Comparison of DMD and BMD Groups
The DMD and BMD groups had a similar age at cardiomyopathy diagnosis (14.4±2.3 vs. 14.6±2.0 years) and rates of CHF at diagnosis (30% vs. 33%). ().
Demographics, Medical History and Clinical Characteristics at the Diagnosis of Cardiomyopathy by Etiologic Classification in 455 Patients with Dilated Cardiomyopathy.
At the time of cardiomyopathy diagnosis, the BMD group had larger LV end-diastolic and LV end-systolic dimension Z-scores than did the DMD group (), but similar LV fractional shortening (FS) and LV wall thickness. Although only qualitative echocardiographic data were available for 40 of the 143 children with DMD or BMD, the BMD group was more likely to have at least moderate mitral regurgitation (50% vs. 18% in DMD group, linear trend P=.05). Similarly, moderate tricuspid regurgitation was more common in the BMD group (17% vs. 0% in DMD group, linear trend P=.004). Forty-one BMD and DMD cases had follow-up echocardiograms. At 2 years following cardiomyopathy diagnosis, only LV end-diastolic dimension (EDD) reflected marked deterioration in the DMD+BMD group (mean±SD change in Z-score, 1.39±1.81, P=.003). All other change scores of the DMD+BMD group were in the direction of deterioration (), but did not achieve significance in this small sample.
Echocardiographic Characteristics at the Diagnosis of Cardiomyopathy by Etiologic Classification in 414 Patients with Dilated Cardiomyopathy and Echocardiographic Data.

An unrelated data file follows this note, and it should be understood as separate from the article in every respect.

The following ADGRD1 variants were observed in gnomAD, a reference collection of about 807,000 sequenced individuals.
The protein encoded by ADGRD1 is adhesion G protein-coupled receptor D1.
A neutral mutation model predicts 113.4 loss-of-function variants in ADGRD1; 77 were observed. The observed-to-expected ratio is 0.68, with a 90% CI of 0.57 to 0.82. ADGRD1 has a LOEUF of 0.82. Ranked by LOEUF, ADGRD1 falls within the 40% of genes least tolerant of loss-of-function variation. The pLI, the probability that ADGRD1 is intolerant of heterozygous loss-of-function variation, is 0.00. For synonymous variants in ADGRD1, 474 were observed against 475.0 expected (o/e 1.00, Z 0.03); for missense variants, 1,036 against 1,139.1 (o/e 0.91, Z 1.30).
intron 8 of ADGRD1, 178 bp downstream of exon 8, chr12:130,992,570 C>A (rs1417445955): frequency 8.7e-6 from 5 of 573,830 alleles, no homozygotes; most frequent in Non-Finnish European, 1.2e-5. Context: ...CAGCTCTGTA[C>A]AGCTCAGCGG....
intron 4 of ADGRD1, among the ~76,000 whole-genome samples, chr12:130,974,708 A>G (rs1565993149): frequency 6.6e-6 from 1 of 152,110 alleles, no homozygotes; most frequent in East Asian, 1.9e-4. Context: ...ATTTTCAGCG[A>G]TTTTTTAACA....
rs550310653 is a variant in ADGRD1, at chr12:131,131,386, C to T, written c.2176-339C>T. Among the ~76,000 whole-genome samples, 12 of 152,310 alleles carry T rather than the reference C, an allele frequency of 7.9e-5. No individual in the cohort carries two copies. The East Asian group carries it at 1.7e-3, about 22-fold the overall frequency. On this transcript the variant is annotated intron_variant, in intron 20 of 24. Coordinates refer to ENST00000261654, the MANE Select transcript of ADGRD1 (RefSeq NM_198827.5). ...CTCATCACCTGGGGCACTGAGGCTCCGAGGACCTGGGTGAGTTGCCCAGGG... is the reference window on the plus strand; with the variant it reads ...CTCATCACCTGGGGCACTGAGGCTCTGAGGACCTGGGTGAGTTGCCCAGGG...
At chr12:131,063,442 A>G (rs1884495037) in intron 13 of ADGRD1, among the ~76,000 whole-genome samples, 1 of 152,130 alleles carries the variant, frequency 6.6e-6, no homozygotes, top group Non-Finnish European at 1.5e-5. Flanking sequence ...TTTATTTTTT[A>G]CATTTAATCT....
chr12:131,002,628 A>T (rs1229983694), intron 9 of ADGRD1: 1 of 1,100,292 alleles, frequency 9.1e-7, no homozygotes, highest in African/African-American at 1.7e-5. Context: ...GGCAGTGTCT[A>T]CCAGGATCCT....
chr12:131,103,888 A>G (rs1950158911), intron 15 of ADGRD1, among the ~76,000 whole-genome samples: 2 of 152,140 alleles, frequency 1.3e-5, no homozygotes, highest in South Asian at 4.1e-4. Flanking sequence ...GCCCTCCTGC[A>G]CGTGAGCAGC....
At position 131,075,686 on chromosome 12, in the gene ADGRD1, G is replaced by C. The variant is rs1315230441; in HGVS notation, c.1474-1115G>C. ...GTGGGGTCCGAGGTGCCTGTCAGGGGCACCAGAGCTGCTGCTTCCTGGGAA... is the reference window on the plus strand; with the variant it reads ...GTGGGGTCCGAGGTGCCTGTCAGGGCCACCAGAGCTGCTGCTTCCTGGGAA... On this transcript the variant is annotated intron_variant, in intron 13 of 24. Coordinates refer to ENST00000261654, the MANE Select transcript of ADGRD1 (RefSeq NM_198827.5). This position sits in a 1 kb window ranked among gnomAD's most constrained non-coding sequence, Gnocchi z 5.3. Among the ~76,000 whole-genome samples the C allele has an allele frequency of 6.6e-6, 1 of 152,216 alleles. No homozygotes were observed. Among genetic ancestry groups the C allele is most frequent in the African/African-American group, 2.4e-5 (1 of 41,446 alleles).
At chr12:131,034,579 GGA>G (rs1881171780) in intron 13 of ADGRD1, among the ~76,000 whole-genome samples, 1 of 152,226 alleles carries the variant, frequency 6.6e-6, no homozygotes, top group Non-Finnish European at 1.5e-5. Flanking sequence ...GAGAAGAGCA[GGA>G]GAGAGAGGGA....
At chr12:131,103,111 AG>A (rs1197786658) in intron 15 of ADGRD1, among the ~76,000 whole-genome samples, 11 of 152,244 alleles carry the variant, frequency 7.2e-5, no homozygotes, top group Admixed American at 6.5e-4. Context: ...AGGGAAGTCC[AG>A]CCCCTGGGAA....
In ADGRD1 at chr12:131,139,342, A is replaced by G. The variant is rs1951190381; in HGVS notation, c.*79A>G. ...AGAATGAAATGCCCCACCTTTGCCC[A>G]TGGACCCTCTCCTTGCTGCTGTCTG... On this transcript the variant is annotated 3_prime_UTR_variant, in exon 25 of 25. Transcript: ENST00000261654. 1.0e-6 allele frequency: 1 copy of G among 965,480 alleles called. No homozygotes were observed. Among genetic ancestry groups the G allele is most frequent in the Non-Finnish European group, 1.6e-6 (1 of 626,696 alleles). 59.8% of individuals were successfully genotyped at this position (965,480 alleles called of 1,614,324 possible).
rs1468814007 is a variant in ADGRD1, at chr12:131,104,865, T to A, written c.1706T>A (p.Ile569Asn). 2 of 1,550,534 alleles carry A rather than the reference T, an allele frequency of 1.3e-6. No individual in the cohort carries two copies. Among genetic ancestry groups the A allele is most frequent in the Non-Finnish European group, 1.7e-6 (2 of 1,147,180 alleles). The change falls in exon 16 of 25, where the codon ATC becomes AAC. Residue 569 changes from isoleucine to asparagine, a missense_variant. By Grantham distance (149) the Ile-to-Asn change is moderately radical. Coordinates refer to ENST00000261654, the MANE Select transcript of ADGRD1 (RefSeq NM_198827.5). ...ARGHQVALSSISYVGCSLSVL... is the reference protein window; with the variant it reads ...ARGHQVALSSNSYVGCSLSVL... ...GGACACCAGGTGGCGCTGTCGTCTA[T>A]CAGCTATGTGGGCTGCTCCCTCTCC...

Mean (±Standard Deviation) Change in Echocardiographic Characteristics from Diagnosis of Cardiomyopathy to 2 Years After Diagnosis
Time to Death or Transplant after Cardiomyopathy Diagnosis
Forty-seven cases with DMD and none with BMD died (median follow-up time of non-transplanted survivors, 3.3 years). In the DMD group, 25% and 50% died within 2.4 years and 5.5 years after cardiomyopathy was diagnosed, respectively (; log-rank P=.06). The striking difference in survival but lack of statistical significance was probably due to the shorter follow-up time of the BMD cases, many of whom underwent heart transplantation.
Survival from time of diagnosis of cardiomyopathy, by diagnosis (P=.06).
Six of the 15 BMD cases but none of the 128 in the DMD group underwent heart transplantation. In the BMD group, 25% underwent heart transplantation within 5 months after cardiomyopathy diagnosis (). Because the DMD and BMD groups experienced roughly the same proportion of events overall, there was no difference in the composite endpoint (death or transplant) between the two groups (; log-rank P=.25), but weighting earlier differences more heavily there was longer event-free survival in the DMD group (Gehan-Wilcoxon test, P=.03). The 5-year event-free rates were 55% (95% C.I. 28%–82%) and 57% (95% C. I. 46%–68%) for the children with DMD and BMD, respectively.
Freedom from transplantation following diagnosis of cardiomyopathy, by diagnosis (P<.001).
Freedom from death and transplantation following diagnosis of cardiomyopathy, by diagnosis (log-rank P=.25; and Gehan-Wilcoxon, P=.03).